“I had so many moments of recognition where I felt myself in the same mental state that the narrator is trying to decipher. That feeling of discovering a moment from your past in the present, but unable to place it's source until finally surrendering and giving up, it comes flooding back to you. The whole piece is a book end, starting with a dream memory and waking. The temporality of Proust's world shifts as quickly as his memories but he picks the most important points to elaborate as you see how they connect; Proust's Madeleines to childhood, his experience seeing Odette and Vinteuil's daughter's illicit affair, to Swann's obsession to Vinteuil's musical phrase which represents his whole relationship with Odette. It's a lucid yet coherent piece, beautiful in it's descriptions and stunning with it's empathy of it's reader. ”Rawson wrote this review 8 days ago. ( reply | permalink ) Was this review helpful? Yes | No
“Page 251ish?”Hannah K wrote this review 2 weeks ago. ( reply | permalink ) Was this review helpful? Yes | No
“catching up on a classic. nice.”Soren Kerk wrote this review Saturday, November 16, 2013. ( reply | permalink ) Was this review helpful? Yes | No
“Holy Long Freaking Book of Beautiful Prose but Not Much Happening. This is a book to read if you want to spend 5 minutes reading a page and 10 minutes digesting the small idea beautifully (but lengthily) described therein. It is a story about memory, nostalgia, love requited and then lost, and how our mind tends to make the Idea of a thing even better than its Reality. So if you're up for a long, winding, gorgeous romp through thoughtful reminiscences about such things in 1800s France then this will be a delightful read for you. If you're looking for a thoughtful book with a great plot of any kind you should pass this book by for now!”April D wrote this review Thursday, October 17, 2013. ( reply | permalink ) Was this review helpful? Yes | No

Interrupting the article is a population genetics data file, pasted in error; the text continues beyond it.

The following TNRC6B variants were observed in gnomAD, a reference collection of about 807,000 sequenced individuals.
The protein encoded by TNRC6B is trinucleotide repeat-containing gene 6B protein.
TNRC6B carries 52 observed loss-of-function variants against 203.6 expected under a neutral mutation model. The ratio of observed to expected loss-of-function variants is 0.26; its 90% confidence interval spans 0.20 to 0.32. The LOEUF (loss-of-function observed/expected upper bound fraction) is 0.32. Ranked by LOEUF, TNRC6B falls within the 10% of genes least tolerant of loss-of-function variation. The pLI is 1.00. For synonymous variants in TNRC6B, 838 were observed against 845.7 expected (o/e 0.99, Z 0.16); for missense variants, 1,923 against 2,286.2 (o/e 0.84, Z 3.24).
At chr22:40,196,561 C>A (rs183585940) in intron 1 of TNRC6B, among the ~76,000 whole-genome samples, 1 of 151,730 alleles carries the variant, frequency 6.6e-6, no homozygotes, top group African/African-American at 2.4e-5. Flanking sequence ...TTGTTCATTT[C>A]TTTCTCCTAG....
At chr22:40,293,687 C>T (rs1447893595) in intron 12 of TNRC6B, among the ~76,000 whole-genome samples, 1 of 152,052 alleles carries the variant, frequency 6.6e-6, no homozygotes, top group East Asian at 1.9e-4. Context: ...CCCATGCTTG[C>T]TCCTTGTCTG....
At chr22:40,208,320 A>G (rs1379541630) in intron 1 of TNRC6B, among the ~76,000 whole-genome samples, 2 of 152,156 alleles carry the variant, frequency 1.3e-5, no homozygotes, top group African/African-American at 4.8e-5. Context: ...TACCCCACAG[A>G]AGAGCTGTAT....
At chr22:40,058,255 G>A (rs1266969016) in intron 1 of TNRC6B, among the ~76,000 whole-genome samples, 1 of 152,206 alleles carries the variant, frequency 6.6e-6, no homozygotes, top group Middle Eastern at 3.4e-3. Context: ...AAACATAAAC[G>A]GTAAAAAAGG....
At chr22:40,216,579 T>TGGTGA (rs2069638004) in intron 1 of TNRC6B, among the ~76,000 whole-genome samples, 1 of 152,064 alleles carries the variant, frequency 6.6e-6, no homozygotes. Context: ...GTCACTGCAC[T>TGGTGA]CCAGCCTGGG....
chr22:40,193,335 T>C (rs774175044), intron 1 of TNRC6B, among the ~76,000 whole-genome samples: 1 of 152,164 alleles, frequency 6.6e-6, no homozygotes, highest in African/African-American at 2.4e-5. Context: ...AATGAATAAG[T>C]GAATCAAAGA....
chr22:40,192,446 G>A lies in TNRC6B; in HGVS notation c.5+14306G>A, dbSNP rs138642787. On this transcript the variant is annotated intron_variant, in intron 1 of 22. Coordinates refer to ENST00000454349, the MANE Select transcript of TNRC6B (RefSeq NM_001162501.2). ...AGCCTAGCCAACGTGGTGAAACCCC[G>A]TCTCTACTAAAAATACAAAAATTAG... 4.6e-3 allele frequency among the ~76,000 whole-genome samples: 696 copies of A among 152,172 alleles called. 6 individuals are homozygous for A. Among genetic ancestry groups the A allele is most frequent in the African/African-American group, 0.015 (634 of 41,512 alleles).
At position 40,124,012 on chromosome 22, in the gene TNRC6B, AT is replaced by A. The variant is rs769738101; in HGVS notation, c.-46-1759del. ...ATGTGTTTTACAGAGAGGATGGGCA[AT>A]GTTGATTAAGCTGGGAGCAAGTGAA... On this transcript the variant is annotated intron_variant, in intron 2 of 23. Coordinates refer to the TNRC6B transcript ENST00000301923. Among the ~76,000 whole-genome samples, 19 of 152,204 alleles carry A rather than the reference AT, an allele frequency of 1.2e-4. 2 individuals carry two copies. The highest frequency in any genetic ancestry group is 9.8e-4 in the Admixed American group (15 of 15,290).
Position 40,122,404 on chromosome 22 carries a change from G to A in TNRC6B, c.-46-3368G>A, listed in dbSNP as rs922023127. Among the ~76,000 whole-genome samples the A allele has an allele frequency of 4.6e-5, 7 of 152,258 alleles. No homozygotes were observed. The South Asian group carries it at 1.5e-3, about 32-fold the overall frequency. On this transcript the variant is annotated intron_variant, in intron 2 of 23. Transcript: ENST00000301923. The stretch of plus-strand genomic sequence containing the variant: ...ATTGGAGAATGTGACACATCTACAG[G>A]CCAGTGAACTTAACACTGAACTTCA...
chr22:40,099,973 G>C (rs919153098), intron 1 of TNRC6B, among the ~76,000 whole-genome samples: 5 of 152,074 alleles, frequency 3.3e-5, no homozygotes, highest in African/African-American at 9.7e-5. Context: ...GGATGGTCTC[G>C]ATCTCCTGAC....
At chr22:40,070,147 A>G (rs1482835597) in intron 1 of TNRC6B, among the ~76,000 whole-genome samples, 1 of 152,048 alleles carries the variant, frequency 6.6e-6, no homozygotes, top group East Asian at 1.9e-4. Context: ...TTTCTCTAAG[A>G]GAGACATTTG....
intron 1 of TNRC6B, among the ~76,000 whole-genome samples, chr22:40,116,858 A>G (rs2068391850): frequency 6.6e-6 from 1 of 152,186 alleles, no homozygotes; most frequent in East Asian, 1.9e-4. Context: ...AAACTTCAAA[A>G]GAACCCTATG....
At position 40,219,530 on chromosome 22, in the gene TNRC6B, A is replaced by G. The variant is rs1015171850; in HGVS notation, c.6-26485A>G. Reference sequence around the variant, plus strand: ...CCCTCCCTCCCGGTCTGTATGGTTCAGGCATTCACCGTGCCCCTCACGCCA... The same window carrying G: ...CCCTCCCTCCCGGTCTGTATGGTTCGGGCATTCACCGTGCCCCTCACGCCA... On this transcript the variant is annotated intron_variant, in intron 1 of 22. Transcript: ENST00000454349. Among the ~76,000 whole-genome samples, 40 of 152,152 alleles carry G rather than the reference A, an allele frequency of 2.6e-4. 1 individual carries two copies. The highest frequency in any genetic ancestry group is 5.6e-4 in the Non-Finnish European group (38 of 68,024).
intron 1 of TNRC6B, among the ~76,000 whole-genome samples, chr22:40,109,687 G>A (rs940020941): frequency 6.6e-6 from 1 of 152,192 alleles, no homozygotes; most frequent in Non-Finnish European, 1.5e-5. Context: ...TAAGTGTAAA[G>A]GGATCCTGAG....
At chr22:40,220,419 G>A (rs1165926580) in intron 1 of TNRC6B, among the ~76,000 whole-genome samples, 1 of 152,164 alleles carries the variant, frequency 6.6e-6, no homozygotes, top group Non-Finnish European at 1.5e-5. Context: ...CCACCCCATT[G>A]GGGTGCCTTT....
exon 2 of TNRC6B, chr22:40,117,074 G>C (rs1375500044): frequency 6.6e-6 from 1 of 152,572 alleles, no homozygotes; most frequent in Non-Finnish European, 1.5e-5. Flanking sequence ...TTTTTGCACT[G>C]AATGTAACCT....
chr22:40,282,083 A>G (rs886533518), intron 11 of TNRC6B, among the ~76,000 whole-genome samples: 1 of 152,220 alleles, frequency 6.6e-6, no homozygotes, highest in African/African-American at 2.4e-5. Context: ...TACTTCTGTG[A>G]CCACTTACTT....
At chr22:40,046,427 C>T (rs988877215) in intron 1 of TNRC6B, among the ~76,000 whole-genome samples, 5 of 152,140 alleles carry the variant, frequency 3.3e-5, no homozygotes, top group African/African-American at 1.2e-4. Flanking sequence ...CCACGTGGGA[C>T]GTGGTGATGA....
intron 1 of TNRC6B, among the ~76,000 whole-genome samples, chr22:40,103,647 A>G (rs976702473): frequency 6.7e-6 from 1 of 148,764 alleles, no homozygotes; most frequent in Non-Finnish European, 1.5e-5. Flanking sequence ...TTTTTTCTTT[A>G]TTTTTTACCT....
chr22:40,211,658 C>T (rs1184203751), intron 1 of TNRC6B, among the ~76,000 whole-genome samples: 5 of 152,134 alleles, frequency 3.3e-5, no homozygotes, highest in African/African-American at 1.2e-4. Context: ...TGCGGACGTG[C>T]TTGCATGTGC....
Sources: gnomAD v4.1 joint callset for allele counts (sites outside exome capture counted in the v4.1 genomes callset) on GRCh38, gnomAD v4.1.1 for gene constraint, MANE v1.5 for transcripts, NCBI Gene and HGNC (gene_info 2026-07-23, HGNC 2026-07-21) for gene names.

“This novel is a time commitment to read, one of those books where I wanted to do a victory-touchdown dance each time I finished another page and put myself closer to the ending. That said, for literary fiction, this novel is far, far better than many I have read, and the middle section, Swann in Love, gave me plenty of opportunities to laugh out loud. I especially loved how the ending tied all three sections of the book together, and did so in a way that carried a huge reader payoff. This is a book that I could see myself reading again in ten years, knowing ahead of time what the story is, and just reading to enjoy the beautiful prose. This translation is especially good. ”Booklover Zen wrote this review Wednesday, October 9, 2013. ( reply | permalink ) Was this review helpful? Yes | No
“The inner life of invalids.”Ichabod wrote this review Tuesday, August 13, 2013. ( reply | permalink ) Was this review helpful? Yes | No
“Because almost every sentence in this classic is a remarkably beautiful construction of words, this book flowed like a short novel to me, despite the fact that it is almost 1000 pages long. I realize some people don't like Proust, but I love him.”Housequake wrote this review Friday, July 26, 2013. ( reply | permalink ) Was this review helpful? Yes | No